[Sindie] While working with Disney Imagineering, I had the opportunity to visit Galileo’s Culver City site in 2015. I was immediately struck by the sight of youngsters wielding saws and the sounds of learning to fail without fear. That’s when I first read about the Innovator’s Mindset, and it changed my life! For the first time I was seeing on paper all of the things that I not only wanted for myself, but they were perfectly articulated for the world to see too! Since then, the Innovator’s Mindset has been pasted or taped inside every journal, work ledger or date book I’ve used. I rely on this mindset in many aspects of my life- in how I approach my children, husband, my work as a designer and now in how I approach being a pilot.
What kind of people join the Galileo team?
[Sindie] Galileo draws loving, creative people. Every person I’ve met comes with their own unique perspective, and they all seem to show up with open minds and hearts which in turn invites others to do the same. It’s infectious, and it made me think about the people in my life that could share in this give and take.
[Marlin] I noticed that Galileans come to camp prepared to rock out, but also know that working with kids can be unpredictable, so they’re able to adapt and be resourceful when needed. In addition, staff come in as true collaborators and supporters of each other, which shows an openness to trust and a readiness to grow and learn. For example, I’ve encouraged, and have had summer interns proactively ask, to take over aspects of camp leadership. I’ve seen them lead an opening ceremony or an all camp game with the full support of me and their fellow staff.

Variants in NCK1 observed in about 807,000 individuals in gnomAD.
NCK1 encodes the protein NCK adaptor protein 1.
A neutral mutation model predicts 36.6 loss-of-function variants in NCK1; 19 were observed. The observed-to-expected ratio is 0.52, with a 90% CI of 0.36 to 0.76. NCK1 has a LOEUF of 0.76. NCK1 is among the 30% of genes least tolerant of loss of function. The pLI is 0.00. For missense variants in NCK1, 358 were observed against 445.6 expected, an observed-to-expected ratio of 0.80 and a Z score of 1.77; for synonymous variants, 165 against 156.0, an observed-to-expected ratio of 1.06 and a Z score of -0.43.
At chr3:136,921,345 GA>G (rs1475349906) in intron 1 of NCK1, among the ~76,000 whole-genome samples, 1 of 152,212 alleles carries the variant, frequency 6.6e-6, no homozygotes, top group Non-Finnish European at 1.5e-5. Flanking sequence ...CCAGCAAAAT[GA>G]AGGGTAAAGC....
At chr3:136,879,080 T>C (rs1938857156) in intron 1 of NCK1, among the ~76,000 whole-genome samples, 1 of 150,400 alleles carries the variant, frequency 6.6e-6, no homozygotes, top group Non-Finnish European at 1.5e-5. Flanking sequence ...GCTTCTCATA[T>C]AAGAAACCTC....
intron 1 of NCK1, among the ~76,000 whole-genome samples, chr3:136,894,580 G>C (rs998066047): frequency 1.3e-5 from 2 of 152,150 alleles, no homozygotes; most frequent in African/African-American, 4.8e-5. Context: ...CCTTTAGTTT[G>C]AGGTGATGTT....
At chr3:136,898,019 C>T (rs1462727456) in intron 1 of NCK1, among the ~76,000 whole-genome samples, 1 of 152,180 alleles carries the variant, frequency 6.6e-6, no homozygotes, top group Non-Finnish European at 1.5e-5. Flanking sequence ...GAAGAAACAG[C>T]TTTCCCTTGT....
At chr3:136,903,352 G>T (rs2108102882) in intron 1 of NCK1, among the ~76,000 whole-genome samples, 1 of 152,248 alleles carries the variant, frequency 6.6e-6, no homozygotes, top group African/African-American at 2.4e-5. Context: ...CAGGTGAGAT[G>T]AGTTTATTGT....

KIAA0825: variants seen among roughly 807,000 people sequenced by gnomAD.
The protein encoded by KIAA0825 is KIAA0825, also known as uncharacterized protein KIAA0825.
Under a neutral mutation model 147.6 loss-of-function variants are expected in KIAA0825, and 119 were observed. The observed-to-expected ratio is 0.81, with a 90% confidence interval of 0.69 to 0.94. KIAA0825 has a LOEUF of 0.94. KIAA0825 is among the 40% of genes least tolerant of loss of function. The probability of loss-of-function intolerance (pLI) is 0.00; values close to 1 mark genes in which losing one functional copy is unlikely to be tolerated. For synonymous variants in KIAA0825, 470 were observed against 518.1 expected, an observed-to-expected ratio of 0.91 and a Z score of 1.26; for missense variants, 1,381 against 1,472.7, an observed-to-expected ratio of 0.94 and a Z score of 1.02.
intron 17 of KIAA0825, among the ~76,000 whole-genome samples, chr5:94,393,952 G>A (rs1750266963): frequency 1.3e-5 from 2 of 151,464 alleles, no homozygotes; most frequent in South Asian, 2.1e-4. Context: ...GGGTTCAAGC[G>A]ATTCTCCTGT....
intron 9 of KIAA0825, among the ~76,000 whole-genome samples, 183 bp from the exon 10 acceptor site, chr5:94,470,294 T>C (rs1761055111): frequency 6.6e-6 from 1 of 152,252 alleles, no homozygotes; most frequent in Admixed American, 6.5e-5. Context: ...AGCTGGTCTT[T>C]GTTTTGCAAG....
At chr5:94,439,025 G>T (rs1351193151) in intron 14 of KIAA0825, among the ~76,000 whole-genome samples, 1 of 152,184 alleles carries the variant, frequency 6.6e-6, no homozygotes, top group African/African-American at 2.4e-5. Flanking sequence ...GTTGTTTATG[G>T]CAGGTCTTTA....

How has your past career prepared you to work at Galileo?
[Tom] I always say that musical directing demands 50% musical talent and 50% interpersonal skills. In the theatre world, we are fortunate to work with artists of all ages, backgrounds and ability levels. Whether working on cross-country touring productions or volunteering at a small community theatre, the ability to relate to people with different experiences and backgrounds is crucial, and this experience prepared me for my role as a Camp Director at Galileo. In my first year in the role back in 2017, I was wildly inexperienced in what summer camp was like. I had never been to camp as a kid nor worked there as an adult. But my background in learning how to cultivate authentic and sincere relationships quickly with people from different life experiences helped me tremendously in my ability to be successful at camp with staff, campers, and families.